"• Based on 2010-2013 combined data, among persons aged 12 or older who needed but did not receive illicit drug or alcohol use treatment, felt a need for treatment, and made an effort to receive treatment, commonly reported reasons for not receiving treatment were (a) no health coverage and could not afford cost (37.3 percent), (b) not ready to stop using (24.5 percent), (c) did not know where to go for treatment (9.0 percent), (d) had health coverage but did not cover treatment or did not cover cost (8.2 percent), and (e) no transportation or inconvenient (8.0 percent) (Figure 7.11)."

Substance Abuse and Mental Health Services Administration, Results from the 2013 National Survey on Drug Use and Health: Summary of National Findings, NSDUH Series H-48, HHS Publication No. (SMA) 14-4863. Rockville, MD: Substance Abuse and Mental Health Services Administration, 2014, pp. 94-95.

57. Treatment Admissions in the US with Marijuana as a Primary Substance, 2014

"• Marijuana/hashish was reported as the primary substance of abuse by 15 percent of TEDS admissions aged 12 and older in 2014 [Table 1.1b].
"• The average age at admission for primary marijuana/hashish admissions was 26 years [Table 2.1b], although the peak age at admission for both genders in all race/ethnicities was about 16 to 17 years [Figure 12]. Thirty-two percent of marijuana/hashish admissions were under age 20 (vs. 8 percent of all admissions combined), and primary marijuana/hashish abuse accounted for 78 percent of admissions aged 12 to 14 and 76 percent of admissions aged 15 to 17 years [Table 2.1c].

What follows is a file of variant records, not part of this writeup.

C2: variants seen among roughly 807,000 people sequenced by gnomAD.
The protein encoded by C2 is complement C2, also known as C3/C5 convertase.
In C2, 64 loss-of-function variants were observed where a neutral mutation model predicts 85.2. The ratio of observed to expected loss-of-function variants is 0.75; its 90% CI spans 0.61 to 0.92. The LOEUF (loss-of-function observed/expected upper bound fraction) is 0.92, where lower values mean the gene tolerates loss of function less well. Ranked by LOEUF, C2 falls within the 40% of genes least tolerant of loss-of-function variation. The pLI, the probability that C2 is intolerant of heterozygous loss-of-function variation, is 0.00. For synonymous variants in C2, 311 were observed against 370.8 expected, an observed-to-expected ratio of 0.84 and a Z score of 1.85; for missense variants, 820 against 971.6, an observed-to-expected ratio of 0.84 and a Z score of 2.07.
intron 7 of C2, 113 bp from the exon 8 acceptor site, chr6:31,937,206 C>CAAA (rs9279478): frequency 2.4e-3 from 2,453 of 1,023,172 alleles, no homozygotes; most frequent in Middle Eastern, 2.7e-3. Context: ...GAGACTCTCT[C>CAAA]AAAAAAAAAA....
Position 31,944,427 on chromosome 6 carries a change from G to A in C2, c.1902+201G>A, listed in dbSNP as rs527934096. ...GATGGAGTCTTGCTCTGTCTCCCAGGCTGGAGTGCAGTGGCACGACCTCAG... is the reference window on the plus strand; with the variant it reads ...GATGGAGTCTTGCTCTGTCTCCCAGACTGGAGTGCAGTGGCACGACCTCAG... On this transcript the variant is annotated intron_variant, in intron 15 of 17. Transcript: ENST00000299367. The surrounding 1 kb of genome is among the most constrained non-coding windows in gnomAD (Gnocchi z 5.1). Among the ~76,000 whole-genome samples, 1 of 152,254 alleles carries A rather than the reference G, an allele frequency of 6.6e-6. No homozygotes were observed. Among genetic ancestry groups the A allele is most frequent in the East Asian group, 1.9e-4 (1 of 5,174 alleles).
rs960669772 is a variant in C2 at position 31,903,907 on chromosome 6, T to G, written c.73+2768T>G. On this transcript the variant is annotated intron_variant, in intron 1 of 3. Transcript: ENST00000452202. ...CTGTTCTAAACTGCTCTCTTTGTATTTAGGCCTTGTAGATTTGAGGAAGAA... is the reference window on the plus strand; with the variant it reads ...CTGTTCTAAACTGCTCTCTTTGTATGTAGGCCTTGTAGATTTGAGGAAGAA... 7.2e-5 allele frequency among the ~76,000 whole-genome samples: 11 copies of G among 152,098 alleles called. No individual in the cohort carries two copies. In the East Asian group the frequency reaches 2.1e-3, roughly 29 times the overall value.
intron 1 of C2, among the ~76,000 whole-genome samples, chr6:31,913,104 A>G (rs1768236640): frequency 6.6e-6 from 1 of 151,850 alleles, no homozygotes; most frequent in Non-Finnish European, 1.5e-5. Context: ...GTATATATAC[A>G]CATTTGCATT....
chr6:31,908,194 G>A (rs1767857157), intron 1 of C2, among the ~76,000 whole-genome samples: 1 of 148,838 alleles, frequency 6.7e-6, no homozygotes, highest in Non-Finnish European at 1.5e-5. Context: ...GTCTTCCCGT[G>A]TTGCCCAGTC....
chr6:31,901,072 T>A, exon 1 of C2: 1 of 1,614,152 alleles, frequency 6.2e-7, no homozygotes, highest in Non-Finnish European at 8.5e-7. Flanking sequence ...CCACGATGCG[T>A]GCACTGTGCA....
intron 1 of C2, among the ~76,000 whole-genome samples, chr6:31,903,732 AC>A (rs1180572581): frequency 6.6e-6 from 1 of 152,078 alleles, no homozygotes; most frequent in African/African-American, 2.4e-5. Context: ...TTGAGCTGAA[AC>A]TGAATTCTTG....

"• Non-Hispanic Whites accounted for 44 percent of primary marijuana/hashish admissions (30 percent were males and 14 percent were females), and non-Hispanic Blacks accounted for 31 percent (24 percent were males and 8 percent were females) [Table 2.3b].
"• Twenty-four percent of primary marijuana/hashish admissions had first used marijuana/hashish by age 12 and another 30 percent had first used it by age 14 [Table 2.5b].
"• Primary marijuana/hashish admissions were most likely to be referred by the court/criminal justice system (52 percent). Primary marijuana/hashish admissions were less likely than all admis-sions combined to be self- or individually referred to treatment (18 vs. 37 percent) [Table 2.6b].
"• More than 4 in 5 marijuana/hashish admissions (86 percent) received ambulatory treatment; among all admissions combined, 3 in 5 (61 percent) received ambulatory treatment [Table 2.7b].
"• Sixty-three percent of primary marijuana/hashish admissions reported abuse of additional sub-stances. Alcohol was reported by 37 percent [Table 3.8]."

Substance Abuse and Mental Health Services Administration, Center for Behavioral Health Statistics and Quality. Treatment Episode Data Set (TEDS): 2004-2014. National Admissions to Substance Abuse Treatment Services. BHSIS Series S-84, HHS Publication No. (SMA) 16-4986. Rockville, MD: Substance Abuse and Mental Health Services Administration, 2016, pp. 21-22.

58. Effectiveness of Heroin-Assisted Treatment [HAT] and Overview of Research

"A few key conclusions and discussion points regarding the state and future of HAT (heroin-assisted treatment) can be offered based on the above review of completed or ongoing studies.

"First, although the basic goal of the different HAT studies is similar, each of the studies is distinct in key aspects, thus limiting direct comparisons and meta-analyses.40 Although this might be a desirable goal for science, it should be noted that heroin addiction and its consequences occur in distinct real-life environments (including unique cultural and system factors), and interventions need to be devised, measured, and evaluated within these to have authentic relevance for policy and practice.33,41

"Second, the discussed studies above have demonstrated in several different contexts that the implementation of HAT is feasible, effective, and safe as a therapeutic intervention.21,24,26,30 This should not be seen as a conclusion that could be taken for granted because many observers expected disastrous consequences from the provision of medical heroin prescription.